Despite positive macro-economic data, last Friday's upbeat mood could not be sustained. Investors grew nervous and equity markets fell due to concerns about Greece and the questionable quality of Chinese banks.. Last week the central bank of China announced a purchasing programme for short-term, high-quality government bonds. The idea is for Chinese banks to use the money from the sale of bonds to clean up their balance sheets. T
his move has led to instant speculation that Chinese banks may be undercapitalised and therefore in bad shape. Along with the alarm about political developments in Greece, these fears triggered price falls on international equity markets, which only last Friday had reached new highs. Thursday’s losses on US stock exchanges totalled 1.5% to 2%, and even more in Europe and Japan. European stock performance was varied, however.
Declines of over 4% on average were seen in the United Kingdom, France and Spain, but German stocks fell by just 2.25% . In Germany, encouraging data was released on industrial production and industrial orders, dispelling the gloomy sentiment towards German industry in September and October, which was caused by an unfortunate combination of events in August. The AEX index’s 3.3% decline was average.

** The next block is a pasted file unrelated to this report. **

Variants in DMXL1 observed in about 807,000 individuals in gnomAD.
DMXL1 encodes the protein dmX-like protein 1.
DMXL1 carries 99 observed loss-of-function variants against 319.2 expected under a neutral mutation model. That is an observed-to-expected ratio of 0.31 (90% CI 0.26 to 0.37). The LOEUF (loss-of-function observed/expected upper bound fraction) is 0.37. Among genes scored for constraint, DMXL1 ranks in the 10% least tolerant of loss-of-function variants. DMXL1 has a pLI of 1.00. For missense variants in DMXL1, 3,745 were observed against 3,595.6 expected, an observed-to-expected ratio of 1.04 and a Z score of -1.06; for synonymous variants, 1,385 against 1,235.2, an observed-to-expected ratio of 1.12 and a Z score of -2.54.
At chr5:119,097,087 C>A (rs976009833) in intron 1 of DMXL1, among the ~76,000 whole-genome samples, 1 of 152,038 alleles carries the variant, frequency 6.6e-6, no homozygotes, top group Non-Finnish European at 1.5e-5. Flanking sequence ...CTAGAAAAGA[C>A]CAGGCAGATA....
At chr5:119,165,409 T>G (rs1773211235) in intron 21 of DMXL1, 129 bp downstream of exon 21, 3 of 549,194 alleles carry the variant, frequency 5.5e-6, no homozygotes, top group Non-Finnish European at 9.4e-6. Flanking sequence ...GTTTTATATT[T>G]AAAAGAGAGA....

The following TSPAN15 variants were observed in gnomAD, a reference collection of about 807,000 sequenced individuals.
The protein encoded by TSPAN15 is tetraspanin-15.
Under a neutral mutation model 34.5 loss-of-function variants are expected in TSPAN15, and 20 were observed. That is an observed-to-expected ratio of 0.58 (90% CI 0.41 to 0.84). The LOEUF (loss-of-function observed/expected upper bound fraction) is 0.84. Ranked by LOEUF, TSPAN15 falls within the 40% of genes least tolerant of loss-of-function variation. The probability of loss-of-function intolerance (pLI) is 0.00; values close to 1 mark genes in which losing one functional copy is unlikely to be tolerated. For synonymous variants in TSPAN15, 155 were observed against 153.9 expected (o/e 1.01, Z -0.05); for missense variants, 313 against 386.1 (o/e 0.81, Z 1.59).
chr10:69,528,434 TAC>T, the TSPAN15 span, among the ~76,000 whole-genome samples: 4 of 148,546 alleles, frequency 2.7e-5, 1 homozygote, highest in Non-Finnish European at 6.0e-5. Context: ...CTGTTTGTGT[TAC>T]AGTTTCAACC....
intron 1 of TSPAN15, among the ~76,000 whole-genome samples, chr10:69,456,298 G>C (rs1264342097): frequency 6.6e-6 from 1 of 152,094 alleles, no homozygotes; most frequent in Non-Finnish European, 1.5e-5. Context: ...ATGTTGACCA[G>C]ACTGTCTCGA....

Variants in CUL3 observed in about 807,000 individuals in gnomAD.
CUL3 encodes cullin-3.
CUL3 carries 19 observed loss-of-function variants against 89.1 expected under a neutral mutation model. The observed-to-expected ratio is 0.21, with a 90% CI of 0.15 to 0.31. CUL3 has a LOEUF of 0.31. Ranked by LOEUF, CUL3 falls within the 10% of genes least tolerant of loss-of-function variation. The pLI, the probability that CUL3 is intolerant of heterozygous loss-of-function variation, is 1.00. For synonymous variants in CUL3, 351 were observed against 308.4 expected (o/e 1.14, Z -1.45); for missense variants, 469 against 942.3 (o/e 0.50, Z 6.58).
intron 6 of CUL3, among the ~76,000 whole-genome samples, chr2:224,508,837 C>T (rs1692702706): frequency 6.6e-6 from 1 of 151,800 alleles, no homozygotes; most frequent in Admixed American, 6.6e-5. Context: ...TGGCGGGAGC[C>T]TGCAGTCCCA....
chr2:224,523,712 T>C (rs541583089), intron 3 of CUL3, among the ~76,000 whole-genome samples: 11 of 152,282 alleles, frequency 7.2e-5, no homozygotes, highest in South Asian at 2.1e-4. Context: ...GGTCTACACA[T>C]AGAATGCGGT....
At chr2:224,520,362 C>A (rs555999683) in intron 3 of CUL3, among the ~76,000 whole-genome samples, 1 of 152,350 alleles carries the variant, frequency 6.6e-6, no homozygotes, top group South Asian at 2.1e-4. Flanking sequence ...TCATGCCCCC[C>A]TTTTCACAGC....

KPN announced new restructuring this week, which will result in 580 jobs being cut. A new provision of EUR 50 million will be made, but after 2016 the restructuring is expected to yield EUR 45 million a year. The programme was motivated largely by changes that are occurring on the business market. On Thursday markets picked up again somewhat, mainly in the United States, which was due in part to the release of positive macro data. November retail sales in the United States were 0.7% up from October, which lifted year-on-year growth from 4.5% to 5.1%. This was a pleasant surprise and bodes well for Christmas sales, which are by now well under way. Europe's markets remained depressed on Friday morning.
Continued lack of corporate news
As before, in the upcoming week financial markets will have to make do with macro-economic newsflow. Anticipated highlights include confidence indices relating to both consumers and manufacturers in many countries. Germany will be one of the sources of manufacturer confidence data, as next week the key Ifo index will be published, as well as, the ZEW index, detailing how investors feel about investment opportunities in Germany and Europe for December. Both indicators showed mild recovery in November.
Meanwhile, the United States will issue the Philadelphia Fed index, an initial indication of business confidence for the greater Philadelphia region, which also doubles as a reasonable benchmark for the US economy as a whole. For December's consumer confidence we turn to Germany, Belgium and the Netherlands in the upcoming week. The United States will publish new data on industrial production in November, and the United Kingdom and the Netherlands will follow up on retail sales in October.